09/28/2010 3:18PM

New venue for historic Oak Tree meet

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Benoit & Associates
Unzip Me is being considered for a start against males in the Breeders' Cup Turf Sprint.

INGLEWOOD, Calif. – The new name takes a little getting used to – Oak Tree at Hollywood Park.

For 40 years, Oak Tree at Santa Anita was an autumn fixture on the Southern California racing calendar. The race meeting was a springboard for California’s best horses trying to reach the Breeders’ Cup and the season that cultivated the California Cup into one of the nation’s showcase days for statebreds.

All that shifts to Hollywood Park for the first time this year when the Oak Tree meeting opens Thursday night for a 22-day season through Oct. 31.

The meeting is a mix of the Oak Tree elements – a concentration of stakes races in the first two weekends that are preps for the Breeders Cup and the California Cup program on Oct. 30 – along with Hollywood Park’s traditions – night racing on three Thursdays and three Fridays, all featuring concerts after racing, designed to attract a younger audience. Instead of the Santa Anita Pro-Ride, horses will race on the Hollywood Cushion Track.

Oh, and there is an undefeated two-time champion and bonafide racing star appearing Saturday when the mighty Zenyatta attempts to stretch her unbeaten streak to 19 races in the $250,000 Lady’s Secret Stakes for fillies and mares.

In 2008 and 2009, Zenyatta won the Lady’s Secret Stakes at Oak Tree as a prep to victories in the 2008 BC Ladies’ Classic and 2009 Classic, the first time that a female had defeated males in that race. Both of those Breeders’ Cup races were at Santa Anita, but this year the event is at Churchill Downs on Nov. 5-6.

Typical of past Oak Tree meetings, this fall’s first two weekends are dominated by preps for the Breeders’ Cup races. There are six graded stakes at Hollywood on Saturday and Sunday, and three on the weekend of Oct. 9-11.

Zenyatta’s appearance in the Grade 1 Lady’s Secret will be the focus of Saturday’s program, which features three other Grade 1 stakes – the Goodwood, Norfolk, and Yellow Ribbon. Three of those Grade 1 races will be presented live in a 90-minute program on ESPN Classic from 3:30 to 5 p.m. Pacific. The Lady’s Secret also will be presented live on ESPN at approximately 4:15 p.m.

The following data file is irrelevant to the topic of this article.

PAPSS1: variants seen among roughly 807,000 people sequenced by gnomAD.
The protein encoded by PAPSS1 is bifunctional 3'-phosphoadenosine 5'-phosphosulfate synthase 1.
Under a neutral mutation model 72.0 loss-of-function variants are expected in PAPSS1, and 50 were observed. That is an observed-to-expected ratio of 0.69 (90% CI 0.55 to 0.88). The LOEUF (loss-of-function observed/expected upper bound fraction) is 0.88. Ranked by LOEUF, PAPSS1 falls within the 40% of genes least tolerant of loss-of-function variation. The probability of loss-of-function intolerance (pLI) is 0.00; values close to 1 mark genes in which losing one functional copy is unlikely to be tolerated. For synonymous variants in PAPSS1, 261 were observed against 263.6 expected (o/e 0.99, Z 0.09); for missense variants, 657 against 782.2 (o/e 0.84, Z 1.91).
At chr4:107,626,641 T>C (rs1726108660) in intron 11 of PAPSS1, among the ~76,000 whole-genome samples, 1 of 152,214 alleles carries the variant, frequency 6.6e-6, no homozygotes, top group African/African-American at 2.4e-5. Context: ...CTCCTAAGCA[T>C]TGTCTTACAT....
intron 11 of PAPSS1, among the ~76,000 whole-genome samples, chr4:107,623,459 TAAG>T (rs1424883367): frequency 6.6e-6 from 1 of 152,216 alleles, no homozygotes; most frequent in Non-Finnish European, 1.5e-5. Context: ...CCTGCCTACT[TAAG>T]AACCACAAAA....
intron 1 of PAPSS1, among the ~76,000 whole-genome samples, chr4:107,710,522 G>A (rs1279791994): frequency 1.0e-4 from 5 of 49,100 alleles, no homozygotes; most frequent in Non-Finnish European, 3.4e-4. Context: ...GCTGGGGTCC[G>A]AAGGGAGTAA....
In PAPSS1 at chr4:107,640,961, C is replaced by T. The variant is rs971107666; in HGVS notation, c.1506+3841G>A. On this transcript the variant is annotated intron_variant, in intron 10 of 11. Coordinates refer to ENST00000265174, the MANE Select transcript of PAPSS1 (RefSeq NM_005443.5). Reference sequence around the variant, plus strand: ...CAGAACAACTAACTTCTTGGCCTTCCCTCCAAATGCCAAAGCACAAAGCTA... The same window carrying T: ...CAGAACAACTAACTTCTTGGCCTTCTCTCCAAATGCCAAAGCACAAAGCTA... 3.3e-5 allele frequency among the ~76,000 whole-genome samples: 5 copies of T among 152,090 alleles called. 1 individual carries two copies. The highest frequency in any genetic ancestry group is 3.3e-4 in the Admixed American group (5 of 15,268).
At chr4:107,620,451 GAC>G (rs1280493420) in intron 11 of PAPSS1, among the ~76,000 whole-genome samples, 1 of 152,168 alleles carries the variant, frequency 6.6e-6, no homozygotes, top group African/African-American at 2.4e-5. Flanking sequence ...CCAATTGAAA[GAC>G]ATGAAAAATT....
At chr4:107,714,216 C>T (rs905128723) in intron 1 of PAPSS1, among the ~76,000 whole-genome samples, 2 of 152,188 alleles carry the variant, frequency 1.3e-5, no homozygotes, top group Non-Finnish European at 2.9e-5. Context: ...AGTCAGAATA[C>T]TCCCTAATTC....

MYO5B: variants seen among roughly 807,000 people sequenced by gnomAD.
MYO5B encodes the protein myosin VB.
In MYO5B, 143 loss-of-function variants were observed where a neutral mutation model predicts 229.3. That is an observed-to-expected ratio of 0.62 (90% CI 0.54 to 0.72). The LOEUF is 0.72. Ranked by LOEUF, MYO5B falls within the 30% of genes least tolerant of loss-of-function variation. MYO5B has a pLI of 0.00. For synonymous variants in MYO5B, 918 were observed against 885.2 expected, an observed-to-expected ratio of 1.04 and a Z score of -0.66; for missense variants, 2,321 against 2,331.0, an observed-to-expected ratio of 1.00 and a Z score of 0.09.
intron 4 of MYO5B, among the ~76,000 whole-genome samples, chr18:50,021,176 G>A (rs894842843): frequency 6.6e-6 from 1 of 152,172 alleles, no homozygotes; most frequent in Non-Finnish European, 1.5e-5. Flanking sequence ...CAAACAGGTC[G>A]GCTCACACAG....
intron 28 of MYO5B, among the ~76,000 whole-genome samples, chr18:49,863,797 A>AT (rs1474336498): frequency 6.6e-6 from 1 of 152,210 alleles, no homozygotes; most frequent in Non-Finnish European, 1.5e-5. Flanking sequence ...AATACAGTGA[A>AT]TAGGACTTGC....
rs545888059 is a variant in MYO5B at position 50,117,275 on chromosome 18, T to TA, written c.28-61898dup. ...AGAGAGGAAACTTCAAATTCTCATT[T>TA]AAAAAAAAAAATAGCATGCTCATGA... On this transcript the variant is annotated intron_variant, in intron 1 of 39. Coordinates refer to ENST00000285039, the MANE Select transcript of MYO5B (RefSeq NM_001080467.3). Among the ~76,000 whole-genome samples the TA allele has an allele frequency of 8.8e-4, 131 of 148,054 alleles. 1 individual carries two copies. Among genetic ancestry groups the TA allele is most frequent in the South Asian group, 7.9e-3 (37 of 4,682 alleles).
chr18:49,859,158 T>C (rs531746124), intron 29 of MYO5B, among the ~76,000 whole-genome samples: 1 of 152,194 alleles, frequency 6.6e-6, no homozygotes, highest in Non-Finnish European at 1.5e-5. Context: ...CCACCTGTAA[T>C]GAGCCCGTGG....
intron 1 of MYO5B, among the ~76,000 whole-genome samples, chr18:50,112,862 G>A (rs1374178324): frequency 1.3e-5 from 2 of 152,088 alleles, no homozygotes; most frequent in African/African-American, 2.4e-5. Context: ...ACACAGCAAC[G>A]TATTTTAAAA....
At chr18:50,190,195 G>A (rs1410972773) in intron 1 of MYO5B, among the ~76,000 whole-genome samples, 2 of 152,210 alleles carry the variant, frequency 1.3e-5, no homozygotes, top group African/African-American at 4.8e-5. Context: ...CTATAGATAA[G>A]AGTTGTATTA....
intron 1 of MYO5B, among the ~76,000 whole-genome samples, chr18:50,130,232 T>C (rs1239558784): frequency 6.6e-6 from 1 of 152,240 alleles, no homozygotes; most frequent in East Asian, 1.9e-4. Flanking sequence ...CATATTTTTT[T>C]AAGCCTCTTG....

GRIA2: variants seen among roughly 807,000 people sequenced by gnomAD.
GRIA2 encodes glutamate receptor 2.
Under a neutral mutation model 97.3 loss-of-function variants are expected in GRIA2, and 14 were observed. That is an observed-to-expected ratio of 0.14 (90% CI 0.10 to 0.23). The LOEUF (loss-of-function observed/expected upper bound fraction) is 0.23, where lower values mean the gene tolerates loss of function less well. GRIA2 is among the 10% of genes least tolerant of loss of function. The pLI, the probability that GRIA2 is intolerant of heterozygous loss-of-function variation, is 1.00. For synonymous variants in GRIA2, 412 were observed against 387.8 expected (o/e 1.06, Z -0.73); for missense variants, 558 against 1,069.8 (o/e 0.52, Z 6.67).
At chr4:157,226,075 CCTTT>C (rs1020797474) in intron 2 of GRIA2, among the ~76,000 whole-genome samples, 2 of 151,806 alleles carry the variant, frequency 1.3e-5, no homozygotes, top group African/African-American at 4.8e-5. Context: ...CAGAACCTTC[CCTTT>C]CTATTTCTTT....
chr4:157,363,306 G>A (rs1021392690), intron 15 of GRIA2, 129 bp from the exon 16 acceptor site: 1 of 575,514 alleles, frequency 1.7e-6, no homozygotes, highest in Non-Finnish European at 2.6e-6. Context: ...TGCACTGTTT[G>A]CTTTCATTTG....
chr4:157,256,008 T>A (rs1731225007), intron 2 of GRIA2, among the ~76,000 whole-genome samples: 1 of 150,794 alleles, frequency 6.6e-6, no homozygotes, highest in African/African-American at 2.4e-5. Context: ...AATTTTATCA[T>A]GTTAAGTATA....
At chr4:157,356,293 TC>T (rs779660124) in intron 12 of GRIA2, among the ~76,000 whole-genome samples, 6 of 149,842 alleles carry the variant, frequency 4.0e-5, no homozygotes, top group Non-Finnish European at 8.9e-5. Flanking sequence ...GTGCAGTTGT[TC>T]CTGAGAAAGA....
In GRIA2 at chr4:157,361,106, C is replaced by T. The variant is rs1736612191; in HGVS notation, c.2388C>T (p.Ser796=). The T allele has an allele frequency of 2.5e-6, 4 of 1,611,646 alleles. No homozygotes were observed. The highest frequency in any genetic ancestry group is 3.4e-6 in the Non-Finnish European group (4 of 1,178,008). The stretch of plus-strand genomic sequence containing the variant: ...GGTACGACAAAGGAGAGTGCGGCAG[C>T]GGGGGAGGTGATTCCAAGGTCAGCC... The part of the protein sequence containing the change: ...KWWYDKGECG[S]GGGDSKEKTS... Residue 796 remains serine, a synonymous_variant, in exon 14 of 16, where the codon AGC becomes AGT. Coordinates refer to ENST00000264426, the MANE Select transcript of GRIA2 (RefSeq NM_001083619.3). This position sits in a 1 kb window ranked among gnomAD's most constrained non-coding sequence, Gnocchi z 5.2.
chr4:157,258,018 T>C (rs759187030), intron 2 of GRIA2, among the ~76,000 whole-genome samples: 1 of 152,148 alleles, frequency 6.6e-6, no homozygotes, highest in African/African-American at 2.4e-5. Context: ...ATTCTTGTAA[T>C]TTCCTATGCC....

The first graded stakes of the season is Thursday’s $100,000 Sen. Ken Maddy Handicap, a Grade 3 for fillies and mares over six furlongs on turf. At Santa Anita, the race was run over about 6 1/2 furlongs on the hillside turf course, but six furlongs is the maximum distance for turf sprints at Hollywood Park.

The race has drawn a strong field of nine, including three 2010 stakes winners – Bonifacio, Dotsy Jean, and Unzip Me. The Maddy is the eighth race on a nine-race program that begins at 7:05 p.m. Pacific.

Unzip Me figures to be favored. Trained by Marty Jones, Unzip Me has won 6 of her last 7 starts with her only loss in that span a third against males in the Robert Kerlan Handicap here over six furlongs on turf in July.

As strong as Unzip Me looks, Jones also trains the capable Dotsy Jean, who has won 5 of 7 starts on Hollywood Park’s turf course, including the Culver City Stakes on July 2. Unzip Me is a threat from the front, while Dotsy Jean is best as a stalker.

“They both seem to be doing really well,” Jones said. “I’m not looking forward to running them against each other, but it is where they belong.”

Jones is one of three trainers with two runners in the race. John Sadler starts Alpha Kitten and Minute Limit, while Mark Glatt runs Czechers and Reba Is Tops. Craig Dollase starts Bonifacio, who won the Daisycutter Handicap over five furlongs on turf at Del Mar in August.

For Oak Tree officials, getting to opening day has not been easy.

Last May, MI Developments, the parent company of Santa Anita, voided Oak Tree’s lease to run there this year after taking over the racetrack from Magna Entertainment, which declared bankruptcy. Then, the two sides reconciled at a California Horse Racing Board meeting in June, agreeing to an Oak Tree meeting at Santa Anita this fall.

The plan lasted two months, until officials with the Thoroughbred Owners of California and California Thoroughbred Trainers organizations told the racing board in August they wanted no part of running their horses on Santa Anita’s troubled synthetic surface this fall. (Santa Anita has since agreed to replace the surface with a dirt track this fall.)

The racing board declined Oak Tree’s request to race at Santa Anita this fall, but agreed two weeks later to allow an Oak Tree at Hollywood Park meeting to go forward, setting off a scramble among Oak Tree and Hollywood Park officials to prepare for the meeting, which begins Thursday.

Last month, Oak Tree announced it intends to run its 2011 meeting at Hollywood Park and is in discussions with Del Mar to race there in future seasons.

Now that the front-office developments have been settled, at least for this fall, the actual sport of watching Thoroughbreds compete can be the focus.